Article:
One major issue in using Near Miss reporting is that you are dealing with a huge unknown, and that is, how many near misses actually occur and go unreported. If you have two sites and one of them has 463 reported near misses out of 10,000 total near misses how do you compare that to the site with only 20 reported near misses out of a total population of 35 total near misses? Since we can never truly know the exact total population of the unreported near misses, I personally question the value of using near-miss reporting as an indicator at all. Without an accurate understanding of the full population, we cannot correlate the number of near misses to the risk of injuries, but we CAN make useful inferences regarding worker involvement using a population that we DO know, that is, the total number of employees. So the value in tracking the number of near-miss reporting is questionable, the number of reported near misses by employees is a very good indicator of worker engagement which strongly correlates to fewer injuries and in some cases a decline in the severity of injuries.
What am I really trying to learn?
Far too often we collect data and present it without context, interpretation, or even a point. We splash a chart on the screen and yell “viola!” and leave the audience to cipher out what the disjointed information means. What exactly does this month’s injury figures compared to last year’s figures tell us and why is that useful? One year does not a trend make. Yet I have sat in meetings where one month’s uptick in injuries is scrutinized and analyzed as if there were some great revelation lurking just below the surface. Sometimes numbers don’t tell us anything. And unless we have a large enough data pool indicators don’t mean much of anything,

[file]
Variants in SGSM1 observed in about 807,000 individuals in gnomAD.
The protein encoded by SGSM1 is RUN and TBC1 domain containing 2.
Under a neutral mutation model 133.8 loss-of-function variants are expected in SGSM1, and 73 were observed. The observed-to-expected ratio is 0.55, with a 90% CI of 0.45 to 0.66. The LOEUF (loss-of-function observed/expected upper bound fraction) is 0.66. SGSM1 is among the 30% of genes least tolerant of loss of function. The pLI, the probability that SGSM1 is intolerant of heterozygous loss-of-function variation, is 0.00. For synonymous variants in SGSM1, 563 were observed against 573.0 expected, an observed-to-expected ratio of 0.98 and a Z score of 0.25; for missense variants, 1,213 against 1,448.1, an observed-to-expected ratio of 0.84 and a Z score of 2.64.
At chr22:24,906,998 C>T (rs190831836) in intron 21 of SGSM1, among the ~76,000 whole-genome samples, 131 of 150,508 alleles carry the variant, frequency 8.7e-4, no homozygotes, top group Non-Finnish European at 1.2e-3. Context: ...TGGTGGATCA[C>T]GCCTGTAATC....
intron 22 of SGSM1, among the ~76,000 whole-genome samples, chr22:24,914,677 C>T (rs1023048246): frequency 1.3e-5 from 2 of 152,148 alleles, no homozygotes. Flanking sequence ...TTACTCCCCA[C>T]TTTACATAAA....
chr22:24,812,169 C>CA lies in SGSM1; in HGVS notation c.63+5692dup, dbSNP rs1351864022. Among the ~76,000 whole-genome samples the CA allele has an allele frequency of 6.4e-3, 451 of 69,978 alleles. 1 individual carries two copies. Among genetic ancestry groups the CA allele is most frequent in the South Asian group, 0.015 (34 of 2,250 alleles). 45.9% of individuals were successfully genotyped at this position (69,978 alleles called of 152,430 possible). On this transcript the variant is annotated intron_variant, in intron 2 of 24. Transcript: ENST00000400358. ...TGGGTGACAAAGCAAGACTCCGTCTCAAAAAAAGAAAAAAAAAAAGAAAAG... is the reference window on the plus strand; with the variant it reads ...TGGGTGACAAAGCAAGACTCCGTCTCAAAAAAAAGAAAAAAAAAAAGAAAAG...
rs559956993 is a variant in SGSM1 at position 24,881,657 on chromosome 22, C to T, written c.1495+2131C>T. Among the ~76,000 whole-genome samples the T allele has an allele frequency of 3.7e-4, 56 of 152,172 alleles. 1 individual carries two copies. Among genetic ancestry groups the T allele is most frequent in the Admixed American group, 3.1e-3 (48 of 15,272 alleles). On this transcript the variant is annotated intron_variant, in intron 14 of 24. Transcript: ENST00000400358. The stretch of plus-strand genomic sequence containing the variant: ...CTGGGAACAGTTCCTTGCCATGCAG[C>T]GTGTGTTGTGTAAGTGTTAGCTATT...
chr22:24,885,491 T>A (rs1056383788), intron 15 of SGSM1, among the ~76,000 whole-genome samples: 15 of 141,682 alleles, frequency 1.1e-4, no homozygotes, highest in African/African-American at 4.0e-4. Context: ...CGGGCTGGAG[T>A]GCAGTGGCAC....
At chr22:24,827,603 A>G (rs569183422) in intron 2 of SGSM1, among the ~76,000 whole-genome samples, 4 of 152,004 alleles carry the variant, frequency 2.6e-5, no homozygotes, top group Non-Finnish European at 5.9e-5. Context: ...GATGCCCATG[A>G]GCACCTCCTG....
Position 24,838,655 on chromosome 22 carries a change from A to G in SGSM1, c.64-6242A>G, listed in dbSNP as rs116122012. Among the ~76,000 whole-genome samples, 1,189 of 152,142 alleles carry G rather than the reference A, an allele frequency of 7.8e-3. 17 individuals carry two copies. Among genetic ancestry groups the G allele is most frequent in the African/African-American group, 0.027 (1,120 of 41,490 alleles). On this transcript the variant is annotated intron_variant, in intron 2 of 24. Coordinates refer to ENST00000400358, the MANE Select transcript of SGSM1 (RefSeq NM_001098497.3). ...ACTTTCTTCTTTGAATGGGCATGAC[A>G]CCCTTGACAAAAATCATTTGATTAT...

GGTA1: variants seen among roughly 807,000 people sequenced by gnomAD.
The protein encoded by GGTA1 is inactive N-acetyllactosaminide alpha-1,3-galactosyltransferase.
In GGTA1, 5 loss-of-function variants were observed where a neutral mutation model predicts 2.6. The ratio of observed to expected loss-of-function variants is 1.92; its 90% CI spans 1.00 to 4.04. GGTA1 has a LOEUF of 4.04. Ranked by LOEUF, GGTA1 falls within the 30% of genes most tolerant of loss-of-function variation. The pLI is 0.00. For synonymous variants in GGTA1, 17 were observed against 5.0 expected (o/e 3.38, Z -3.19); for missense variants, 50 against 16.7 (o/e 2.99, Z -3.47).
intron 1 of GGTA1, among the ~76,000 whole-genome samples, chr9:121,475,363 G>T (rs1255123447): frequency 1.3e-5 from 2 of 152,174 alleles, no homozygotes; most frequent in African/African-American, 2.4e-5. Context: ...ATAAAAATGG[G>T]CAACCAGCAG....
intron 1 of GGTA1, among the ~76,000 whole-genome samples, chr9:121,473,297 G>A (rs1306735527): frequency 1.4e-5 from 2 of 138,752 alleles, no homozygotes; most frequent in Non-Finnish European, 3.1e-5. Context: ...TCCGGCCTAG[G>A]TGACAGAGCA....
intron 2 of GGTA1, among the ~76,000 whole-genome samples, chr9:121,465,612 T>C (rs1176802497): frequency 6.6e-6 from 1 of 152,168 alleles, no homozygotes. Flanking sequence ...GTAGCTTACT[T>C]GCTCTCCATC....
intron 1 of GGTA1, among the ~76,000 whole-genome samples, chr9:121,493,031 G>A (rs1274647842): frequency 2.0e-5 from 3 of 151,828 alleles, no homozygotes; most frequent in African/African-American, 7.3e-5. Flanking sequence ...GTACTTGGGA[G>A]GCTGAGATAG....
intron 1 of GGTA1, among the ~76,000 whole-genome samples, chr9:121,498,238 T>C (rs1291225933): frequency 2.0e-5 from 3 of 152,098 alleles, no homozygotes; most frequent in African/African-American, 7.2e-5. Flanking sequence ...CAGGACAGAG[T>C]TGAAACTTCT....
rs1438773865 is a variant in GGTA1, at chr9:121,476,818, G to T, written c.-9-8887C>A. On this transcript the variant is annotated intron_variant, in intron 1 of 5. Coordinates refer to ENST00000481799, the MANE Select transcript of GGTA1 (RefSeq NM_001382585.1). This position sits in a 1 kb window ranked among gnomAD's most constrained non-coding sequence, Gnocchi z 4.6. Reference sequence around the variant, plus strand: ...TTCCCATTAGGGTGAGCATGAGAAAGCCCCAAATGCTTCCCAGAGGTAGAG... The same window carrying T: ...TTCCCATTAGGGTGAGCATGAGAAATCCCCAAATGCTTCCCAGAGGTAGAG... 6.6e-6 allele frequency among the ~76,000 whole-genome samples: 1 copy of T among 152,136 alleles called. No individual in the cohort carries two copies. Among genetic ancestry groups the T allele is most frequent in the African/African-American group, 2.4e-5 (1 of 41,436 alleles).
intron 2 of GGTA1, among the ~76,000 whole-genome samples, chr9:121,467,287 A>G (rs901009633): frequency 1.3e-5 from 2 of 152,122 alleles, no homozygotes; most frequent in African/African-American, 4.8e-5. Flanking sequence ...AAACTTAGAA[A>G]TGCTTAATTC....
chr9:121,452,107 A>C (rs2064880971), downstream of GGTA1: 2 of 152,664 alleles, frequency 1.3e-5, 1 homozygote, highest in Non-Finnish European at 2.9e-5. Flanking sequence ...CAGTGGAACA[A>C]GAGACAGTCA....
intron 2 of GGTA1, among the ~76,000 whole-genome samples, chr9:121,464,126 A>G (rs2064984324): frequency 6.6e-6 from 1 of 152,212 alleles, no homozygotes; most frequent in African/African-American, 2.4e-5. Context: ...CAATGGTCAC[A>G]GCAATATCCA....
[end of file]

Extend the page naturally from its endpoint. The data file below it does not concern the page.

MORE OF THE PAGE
To paraphrase Stephen Covey, we have to start with the end in mind, what are we trying to learn about our process—forget predicting outcomes there are just too many variables and even if we could measure them all there would still only produce probability and depending on the population size (which, as I’ve said, we probably don’t really know anyway) we could have a very large ± margin of error, and despite our best efforts, as any good gambler can tell you, longshots sometimes pay off.
I’m not bad mouthing lagging and leading indicators, but I am questioning how many people really understand what they are telling us about our safety performance or the level of robustness of our safety processes.
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Of course my first book is still for sale…
Did you like this post? If so you will probably like my book which can be ordered here I Know My Shoes Are Untied. Mind Your Own Business or on Barnes & Nobel.com. Did you hate this post? Did it offend you deeply? Maybe you should organize a book burning (minimum of 150 books) but be sure you are only burning my book, I don’t want you to go to a used book store and buy a bunch of cheap books and stack mine on top.
The book is a compilation of blog posts, guest blogs, magazine article (from around the world) and new material. Much of it is hard to find unless you know where to look. A second and third book has already been green-lighted by the publisher (expect fewer reprints and more new material).
In all seriousness, I have been blogging for free (without sponsors or advertising) for over 11 years and I think I have earned a bit of revenue so buy a damned book.